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This article was published 17/8/2020 (350 days ago), so information in it may no longer be current.
In early July, the Manitoba Court of Queen’s Bench declared the City of Winnipeg’s impact fees, a charge levied on new construction in suburban housing developments, are not within the city’s legal jurisdiction, and ordered that the money collected be refunded to developers.
The controversial fees, which exist in some form in most Canadian cities, were implemented in 2017, attempting to balance the disproportionate cost of infrastructure and services required to support the sprawling, low-density city we have built over the past several decades.
Our city once grew by simply extending the existing roads, sewer pipes and streetcar lines, adding new grid-pattern residential streets along them. One neighbourhood blended seamlessly into the next. Walk south along the length of any street in River Heights, for example, and on the first block you’ll see houses built in the 1910s, with every few successive blocks representing a new decade of growth, until you eventually arrive at the homes built in the 1970s.
That’s when we started building new subdivisions as disconnected islands, far from existing neighbourhoods — a development model that stretches new infrastructure and services across great distances at great cost.
With the city currently growing three times faster in area than in population, the resulting lower density means each individual Winnipegger is today responsible for the cost of maintaining almost 50 per cent more land area, and its corresponding services and infrastructure, than they were a generation ago.
On the surface, the court decision striking down impact fees seemed to be a loss for those wanting to address these issues by building a more environmentally and economically sustainable city that is able to address our $7-billion infrastructure deficit, crumbling roads, increasing emissions and rising taxes.
Upon closer examination, the judgment is not a loss. It is a very important opportunity. The court found the city has the legal right to impose a charge on new housing, but it must demonstrate that it is a regulatory fee directly tied to costs incurred by development. This is where the opportunity lies.
Developers pay for infrastructure within new subdivisions and part of the connections to it, but once maintenance and replacement is required, the taxes from within the development become insufficient to be self-sustaining. Our strategy thus far has been to simply build more subdivisions and use the new taxes to maintain the older areas, until the new subdivision infrastructure ages and the process repeats itself.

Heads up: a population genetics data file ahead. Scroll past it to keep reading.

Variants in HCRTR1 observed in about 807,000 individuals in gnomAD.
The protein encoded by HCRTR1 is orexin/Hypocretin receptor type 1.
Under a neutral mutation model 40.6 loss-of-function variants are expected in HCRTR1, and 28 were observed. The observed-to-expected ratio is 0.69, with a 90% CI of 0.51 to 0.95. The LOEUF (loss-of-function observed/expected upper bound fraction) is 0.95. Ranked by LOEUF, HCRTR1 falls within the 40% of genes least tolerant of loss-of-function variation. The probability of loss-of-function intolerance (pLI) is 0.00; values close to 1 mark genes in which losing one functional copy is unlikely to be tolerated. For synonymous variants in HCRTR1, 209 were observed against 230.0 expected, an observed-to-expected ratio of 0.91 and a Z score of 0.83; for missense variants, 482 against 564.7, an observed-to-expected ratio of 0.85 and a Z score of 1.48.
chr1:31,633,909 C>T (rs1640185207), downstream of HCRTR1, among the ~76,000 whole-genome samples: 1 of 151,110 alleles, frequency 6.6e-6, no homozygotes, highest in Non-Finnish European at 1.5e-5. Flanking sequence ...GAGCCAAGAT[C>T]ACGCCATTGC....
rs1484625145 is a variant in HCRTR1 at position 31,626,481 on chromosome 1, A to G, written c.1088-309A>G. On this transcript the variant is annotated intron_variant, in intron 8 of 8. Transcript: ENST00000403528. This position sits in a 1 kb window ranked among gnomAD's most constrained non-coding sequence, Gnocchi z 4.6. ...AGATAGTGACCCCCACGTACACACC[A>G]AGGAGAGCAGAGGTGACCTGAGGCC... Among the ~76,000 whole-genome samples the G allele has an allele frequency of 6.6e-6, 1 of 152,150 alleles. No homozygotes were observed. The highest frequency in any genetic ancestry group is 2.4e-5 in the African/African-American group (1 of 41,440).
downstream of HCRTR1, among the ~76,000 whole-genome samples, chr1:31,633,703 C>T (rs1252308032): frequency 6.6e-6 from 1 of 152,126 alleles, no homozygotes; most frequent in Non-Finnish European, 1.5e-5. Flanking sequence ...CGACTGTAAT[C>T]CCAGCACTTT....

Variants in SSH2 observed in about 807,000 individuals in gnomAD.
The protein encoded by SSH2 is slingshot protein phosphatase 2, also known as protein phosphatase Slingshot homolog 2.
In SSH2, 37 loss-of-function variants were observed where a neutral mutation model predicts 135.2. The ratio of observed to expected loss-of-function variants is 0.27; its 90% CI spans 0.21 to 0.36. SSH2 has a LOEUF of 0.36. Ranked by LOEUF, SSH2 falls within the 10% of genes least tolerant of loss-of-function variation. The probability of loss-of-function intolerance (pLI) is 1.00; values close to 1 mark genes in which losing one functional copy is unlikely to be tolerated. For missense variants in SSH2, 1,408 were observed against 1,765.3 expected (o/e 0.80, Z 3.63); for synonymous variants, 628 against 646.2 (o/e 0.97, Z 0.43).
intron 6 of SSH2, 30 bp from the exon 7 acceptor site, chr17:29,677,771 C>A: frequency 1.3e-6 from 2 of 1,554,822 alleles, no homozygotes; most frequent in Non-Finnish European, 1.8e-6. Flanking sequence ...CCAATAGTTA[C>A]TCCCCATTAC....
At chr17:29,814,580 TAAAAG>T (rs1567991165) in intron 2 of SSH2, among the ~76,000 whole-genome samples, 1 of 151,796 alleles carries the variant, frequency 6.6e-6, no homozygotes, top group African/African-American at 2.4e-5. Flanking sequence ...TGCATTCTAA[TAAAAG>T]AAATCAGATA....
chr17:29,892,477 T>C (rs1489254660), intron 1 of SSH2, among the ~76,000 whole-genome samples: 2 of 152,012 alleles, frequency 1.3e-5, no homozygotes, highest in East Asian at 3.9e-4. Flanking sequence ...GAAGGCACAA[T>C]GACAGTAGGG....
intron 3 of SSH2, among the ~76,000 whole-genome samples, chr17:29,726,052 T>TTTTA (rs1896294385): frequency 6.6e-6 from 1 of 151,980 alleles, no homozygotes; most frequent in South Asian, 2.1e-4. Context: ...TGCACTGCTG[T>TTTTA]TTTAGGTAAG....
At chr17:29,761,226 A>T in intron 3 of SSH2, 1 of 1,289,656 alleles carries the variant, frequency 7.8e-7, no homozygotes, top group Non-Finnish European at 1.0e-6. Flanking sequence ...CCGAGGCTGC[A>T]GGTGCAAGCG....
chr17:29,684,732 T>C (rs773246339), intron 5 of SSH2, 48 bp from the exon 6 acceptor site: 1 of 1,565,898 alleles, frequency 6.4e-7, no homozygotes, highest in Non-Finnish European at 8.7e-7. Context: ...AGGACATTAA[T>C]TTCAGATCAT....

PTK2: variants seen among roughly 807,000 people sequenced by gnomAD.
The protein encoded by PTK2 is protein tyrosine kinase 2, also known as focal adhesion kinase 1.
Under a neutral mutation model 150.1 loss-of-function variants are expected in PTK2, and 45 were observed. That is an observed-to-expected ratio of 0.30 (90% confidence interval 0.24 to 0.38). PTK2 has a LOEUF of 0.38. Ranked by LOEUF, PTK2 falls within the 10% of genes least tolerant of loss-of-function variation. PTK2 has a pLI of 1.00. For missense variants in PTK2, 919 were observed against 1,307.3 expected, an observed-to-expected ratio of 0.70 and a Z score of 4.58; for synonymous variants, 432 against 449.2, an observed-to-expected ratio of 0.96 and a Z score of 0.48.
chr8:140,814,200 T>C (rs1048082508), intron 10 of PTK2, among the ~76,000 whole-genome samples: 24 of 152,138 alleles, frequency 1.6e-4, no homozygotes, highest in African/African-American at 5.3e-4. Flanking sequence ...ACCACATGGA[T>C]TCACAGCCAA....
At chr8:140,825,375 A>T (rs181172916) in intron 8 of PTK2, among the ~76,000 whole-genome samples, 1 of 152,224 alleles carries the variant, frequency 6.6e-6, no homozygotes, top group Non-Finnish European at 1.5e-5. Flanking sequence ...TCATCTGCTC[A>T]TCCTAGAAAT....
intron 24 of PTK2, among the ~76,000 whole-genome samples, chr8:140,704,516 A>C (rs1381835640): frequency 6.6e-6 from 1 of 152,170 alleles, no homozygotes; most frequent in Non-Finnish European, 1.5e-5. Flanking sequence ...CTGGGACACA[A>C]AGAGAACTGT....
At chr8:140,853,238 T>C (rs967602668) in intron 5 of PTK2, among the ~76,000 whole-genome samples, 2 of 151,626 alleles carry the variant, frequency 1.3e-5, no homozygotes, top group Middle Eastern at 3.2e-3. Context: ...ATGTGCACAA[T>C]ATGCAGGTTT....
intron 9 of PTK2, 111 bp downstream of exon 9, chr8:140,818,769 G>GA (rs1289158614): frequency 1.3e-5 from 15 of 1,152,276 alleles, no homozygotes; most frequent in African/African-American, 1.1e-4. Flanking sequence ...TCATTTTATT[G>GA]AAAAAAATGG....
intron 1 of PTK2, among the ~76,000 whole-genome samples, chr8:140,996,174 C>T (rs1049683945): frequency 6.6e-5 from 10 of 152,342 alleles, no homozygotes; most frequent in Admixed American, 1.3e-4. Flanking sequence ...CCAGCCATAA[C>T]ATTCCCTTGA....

The money raised through Winnipeg’s impact fees, $30 million over three years, was an insignificant amount relative to the issue it was supposed to solve — a Band-Aid attempting to cover a fatal wound.
The only long-term, sustainable solution is to change how our city grows, and if implemented strategically, impact fees could play an important role in achieving this. Used as a planning tool, they could guide the location and form new development across the city in a more sustainable way.
An argument often used against impact fees on new suburbs is that infill growth also comes with a cost. While it is true that infrastructure and services in existing communities are more heavily taxed as the population grows, the most efficient way forward is to promote growth that requires as little infrastructure and new services as possible.
The less we build to accommodate population growth today, the less we will have to maintain and replace in the future. As many people as possible paying for a little as possible should be the goal.
Development charges in many cities use an area-specific pricing framework to achieve this. Density and distance gradients are established to reflect the true long-term impact on infrastructure costs more closely, while influencing growth patterns to meet higher density planning goals. Land that is farther from existing infrastructure, or in less-desirable development areas as identified in strategic plans, is charged much higher fees to encourage developers to look at smaller, higher-density subdivisions that are more connected to mature neighbourhoods and able to tap into existing services and infrastructure.
Higher construction and land costs, uncertain approval processes and community opposition make infill development more costly and challenging than construction on the fringes of the city. Impact fees can — and should — be used to level the playing field on these costs, potentially through direct incentives or investment in existing infrastructure upgrades, such as combined sewer replacement, that enable and promote more development in mature neighbourhoods or on targeted development sites.
Coupled with a fee structure for distant suburban growth that is a more appropriate reflection of the long-term costs to the city, this can promote smarter growth and encourage a more compact city form.
Winnipeg’s infrastructure deficit has been created by reduced density, not by a lack of revenue. Simply collecting growth charges will not change that. Impact fees are not the solution to the effects of suburban sprawl; they are a reaction to it.
The court told the City of Winnipeg that any new charge must specifically reflect real costs to growth. With vision and foresight, we can take advantage of this requirement and create a strategy that uses impact fees as a powerful planning tool, curbing the city’s outward expansion and promoting inward growth, creating a more prosperous and sustainable city for the future.
Brent Bellamy is creative director at Number Ten Architectural Group.
Brent Bellamy is senior design architect for Number Ten Architectural Group.